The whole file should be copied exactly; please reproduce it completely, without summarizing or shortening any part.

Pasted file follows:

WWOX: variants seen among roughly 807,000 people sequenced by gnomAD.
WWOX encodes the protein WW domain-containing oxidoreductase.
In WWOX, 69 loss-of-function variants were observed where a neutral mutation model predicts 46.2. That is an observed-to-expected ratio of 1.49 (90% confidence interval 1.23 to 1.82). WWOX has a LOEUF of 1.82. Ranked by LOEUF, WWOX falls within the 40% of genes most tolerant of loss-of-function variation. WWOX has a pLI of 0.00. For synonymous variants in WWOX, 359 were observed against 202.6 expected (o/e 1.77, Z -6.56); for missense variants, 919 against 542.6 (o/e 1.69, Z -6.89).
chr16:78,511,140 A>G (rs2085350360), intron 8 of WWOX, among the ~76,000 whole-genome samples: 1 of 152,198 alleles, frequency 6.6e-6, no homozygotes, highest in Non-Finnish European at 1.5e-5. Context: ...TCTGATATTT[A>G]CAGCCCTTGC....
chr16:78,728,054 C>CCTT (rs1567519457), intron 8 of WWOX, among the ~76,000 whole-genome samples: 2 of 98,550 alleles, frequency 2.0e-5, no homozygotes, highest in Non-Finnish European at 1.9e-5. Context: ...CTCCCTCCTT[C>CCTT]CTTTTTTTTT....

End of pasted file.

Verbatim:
WWOX: variants seen among roughly 807,000 people sequenced by gnomAD.
WWOX encodes the protein WW domain-containing oxidoreductase.
In WWOX, 69 loss-of-function variants were observed where a neutral mutation model predicts 46.2. That is an observed-to-expected ratio of 1.49 (90% confidence interval 1.23 to 1.82). WWOX has a LOEUF of 1.82. Ranked by LOEUF, WWOX falls within the 40% of genes most tolerant of loss-of-function variation. WWOX has a pLI of 0.00. For synonymous variants in WWOX, 359 were observed against 202.6 expected (o/e 1.77, Z -6.56); for missense variants, 919 against 542.6 (o/e 1.69, Z -6.89).
chr16:78,511,140 A>G (rs2085350360), intron 8 of WWOX, among the ~76,000 whole-genome samples: 1 of 152,198 alleles, frequency 6.6e-6, no homozygotes, highest in Non-Finnish European at 1.5e-5. Context: ...TCTGATATTT[A>G]CAGCCCTTGC....
chr16:78,728,054 C>CCTT (rs1567519457), intron 8 of WWOX, among the ~76,000 whole-genome samples: 2 of 98,550 alleles, frequency 2.0e-5, no homozygotes, highest in Non-Finnish European at 1.9e-5. Context: ...CTCCCTCCTT[C>CCTT]CTTTTTTTTT....